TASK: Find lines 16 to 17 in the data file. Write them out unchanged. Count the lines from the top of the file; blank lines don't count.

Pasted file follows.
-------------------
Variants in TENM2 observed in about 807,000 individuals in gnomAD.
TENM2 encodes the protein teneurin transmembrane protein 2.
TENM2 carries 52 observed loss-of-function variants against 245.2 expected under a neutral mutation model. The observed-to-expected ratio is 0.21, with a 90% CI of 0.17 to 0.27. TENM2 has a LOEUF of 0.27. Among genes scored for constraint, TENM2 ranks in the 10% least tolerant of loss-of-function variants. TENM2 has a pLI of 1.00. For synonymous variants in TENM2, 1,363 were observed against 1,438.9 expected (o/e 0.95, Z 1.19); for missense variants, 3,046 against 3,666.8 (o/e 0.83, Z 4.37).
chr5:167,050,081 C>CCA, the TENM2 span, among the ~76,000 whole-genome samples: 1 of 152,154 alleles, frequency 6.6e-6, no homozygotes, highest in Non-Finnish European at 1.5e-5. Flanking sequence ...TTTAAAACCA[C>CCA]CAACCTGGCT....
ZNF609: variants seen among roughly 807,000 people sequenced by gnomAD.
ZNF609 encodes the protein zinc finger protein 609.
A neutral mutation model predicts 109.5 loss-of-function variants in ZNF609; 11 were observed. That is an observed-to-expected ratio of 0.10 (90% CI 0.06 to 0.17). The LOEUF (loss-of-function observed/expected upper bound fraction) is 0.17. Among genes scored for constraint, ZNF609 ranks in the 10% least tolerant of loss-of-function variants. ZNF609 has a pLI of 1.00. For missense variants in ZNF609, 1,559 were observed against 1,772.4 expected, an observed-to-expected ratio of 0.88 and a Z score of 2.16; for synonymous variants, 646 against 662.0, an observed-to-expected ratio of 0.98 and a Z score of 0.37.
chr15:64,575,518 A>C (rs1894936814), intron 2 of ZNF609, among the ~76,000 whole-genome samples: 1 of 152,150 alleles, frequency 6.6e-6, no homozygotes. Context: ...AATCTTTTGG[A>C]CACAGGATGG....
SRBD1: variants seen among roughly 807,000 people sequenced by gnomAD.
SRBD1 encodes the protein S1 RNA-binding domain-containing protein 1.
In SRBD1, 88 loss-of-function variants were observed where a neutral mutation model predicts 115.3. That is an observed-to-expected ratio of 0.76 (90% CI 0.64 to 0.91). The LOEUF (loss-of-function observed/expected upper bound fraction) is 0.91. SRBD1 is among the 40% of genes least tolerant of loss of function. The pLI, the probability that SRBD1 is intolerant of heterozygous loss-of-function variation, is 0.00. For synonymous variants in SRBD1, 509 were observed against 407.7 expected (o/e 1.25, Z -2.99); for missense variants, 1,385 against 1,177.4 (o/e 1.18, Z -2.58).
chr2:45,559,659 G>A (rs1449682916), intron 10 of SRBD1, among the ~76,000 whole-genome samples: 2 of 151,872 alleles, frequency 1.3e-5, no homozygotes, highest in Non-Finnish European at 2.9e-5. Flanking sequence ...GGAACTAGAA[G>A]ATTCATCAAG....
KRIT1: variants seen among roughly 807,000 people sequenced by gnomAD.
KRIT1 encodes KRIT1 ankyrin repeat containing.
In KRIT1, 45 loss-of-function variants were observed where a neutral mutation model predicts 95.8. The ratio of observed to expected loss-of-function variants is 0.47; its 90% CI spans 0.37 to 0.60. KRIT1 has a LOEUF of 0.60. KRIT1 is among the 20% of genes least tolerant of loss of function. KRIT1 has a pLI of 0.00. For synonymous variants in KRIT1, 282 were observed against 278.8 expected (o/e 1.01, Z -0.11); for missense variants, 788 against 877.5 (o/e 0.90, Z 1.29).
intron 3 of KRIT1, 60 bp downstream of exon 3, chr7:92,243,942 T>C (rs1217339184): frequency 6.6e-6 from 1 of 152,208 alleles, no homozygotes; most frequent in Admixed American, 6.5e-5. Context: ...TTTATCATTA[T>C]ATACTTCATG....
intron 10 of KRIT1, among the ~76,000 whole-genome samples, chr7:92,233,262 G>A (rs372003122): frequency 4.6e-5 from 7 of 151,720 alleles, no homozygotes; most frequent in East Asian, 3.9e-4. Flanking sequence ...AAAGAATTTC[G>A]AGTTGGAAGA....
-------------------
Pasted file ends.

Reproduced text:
intron 3 of KRIT1, 60 bp downstream of exon 3, chr7:92,243,942 T>C (rs1217339184): frequency 6.6e-6 from 1 of 152,208 alleles, no homozygotes; most frequent in Admixed American, 6.5e-5. Context: ...TTTATCATTA[T>C]ATACTTCATG....
intron 10 of KRIT1, among the ~76,000 whole-genome samples, chr7:92,233,262 G>A (rs372003122): frequency 4.6e-5 from 7 of 151,720 alleles, no homozygotes; most frequent in East Asian, 3.9e-4. Flanking sequence ...AAAGAATTTC[G>A]AGTTGGAAGA....